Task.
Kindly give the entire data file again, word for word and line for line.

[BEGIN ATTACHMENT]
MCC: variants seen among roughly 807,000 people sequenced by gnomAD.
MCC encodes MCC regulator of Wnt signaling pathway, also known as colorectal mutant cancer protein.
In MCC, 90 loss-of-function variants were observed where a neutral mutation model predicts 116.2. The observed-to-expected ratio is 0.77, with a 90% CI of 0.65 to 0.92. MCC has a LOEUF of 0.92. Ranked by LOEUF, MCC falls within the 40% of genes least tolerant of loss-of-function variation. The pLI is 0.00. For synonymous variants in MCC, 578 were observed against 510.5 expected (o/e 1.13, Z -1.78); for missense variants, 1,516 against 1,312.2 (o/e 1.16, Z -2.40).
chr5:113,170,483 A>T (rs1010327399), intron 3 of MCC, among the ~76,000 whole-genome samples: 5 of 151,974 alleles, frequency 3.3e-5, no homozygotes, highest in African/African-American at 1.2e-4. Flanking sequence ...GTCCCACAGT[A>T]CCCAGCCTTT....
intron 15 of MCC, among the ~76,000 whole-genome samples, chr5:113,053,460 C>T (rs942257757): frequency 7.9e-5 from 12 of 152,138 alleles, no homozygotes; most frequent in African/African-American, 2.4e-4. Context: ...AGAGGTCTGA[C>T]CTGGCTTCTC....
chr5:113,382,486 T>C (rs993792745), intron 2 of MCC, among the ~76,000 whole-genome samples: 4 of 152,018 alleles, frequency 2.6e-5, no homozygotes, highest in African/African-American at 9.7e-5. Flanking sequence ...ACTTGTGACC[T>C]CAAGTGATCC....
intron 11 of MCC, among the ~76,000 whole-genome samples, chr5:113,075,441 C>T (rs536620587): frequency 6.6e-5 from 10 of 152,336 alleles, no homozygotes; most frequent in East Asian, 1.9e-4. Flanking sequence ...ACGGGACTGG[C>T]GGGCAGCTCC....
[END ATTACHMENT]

MCC: variants seen among roughly 807,000 people sequenced by gnomAD.
MCC encodes MCC regulator of Wnt signaling pathway, also known as colorectal mutant cancer protein.
In MCC, 90 loss-of-function variants were observed where a neutral mutation model predicts 116.2. The observed-to-expected ratio is 0.77, with a 90% CI of 0.65 to 0.92. MCC has a LOEUF of 0.92. Ranked by LOEUF, MCC falls within the 40% of genes least tolerant of loss-of-function variation. The pLI is 0.00. For synonymous variants in MCC, 578 were observed against 510.5 expected (o/e 1.13, Z -1.78); for missense variants, 1,516 against 1,312.2 (o/e 1.16, Z -2.40).
chr5:113,170,483 A>T (rs1010327399), intron 3 of MCC, among the ~76,000 whole-genome samples: 5 of 151,974 alleles, frequency 3.3e-5, no homozygotes, highest in African/African-American at 1.2e-4. Flanking sequence ...GTCCCACAGT[A>T]CCCAGCCTTT....
intron 15 of MCC, among the ~76,000 whole-genome samples, chr5:113,053,460 C>T (rs942257757): frequency 7.9e-5 from 12 of 152,138 alleles, no homozygotes; most frequent in African/African-American, 2.4e-4. Context: ...AGAGGTCTGA[C>T]CTGGCTTCTC....
chr5:113,382,486 T>C (rs993792745), intron 2 of MCC, among the ~76,000 whole-genome samples: 4 of 152,018 alleles, frequency 2.6e-5, no homozygotes, highest in African/African-American at 9.7e-5. Flanking sequence ...ACTTGTGACC[T>C]CAAGTGATCC....
intron 11 of MCC, among the ~76,000 whole-genome samples, chr5:113,075,441 C>T (rs536620587): frequency 6.6e-5 from 10 of 152,336 alleles, no homozygotes; most frequent in East Asian, 1.9e-4. Flanking sequence ...ACGGGACTGG[C>T]GGGCAGCTCC....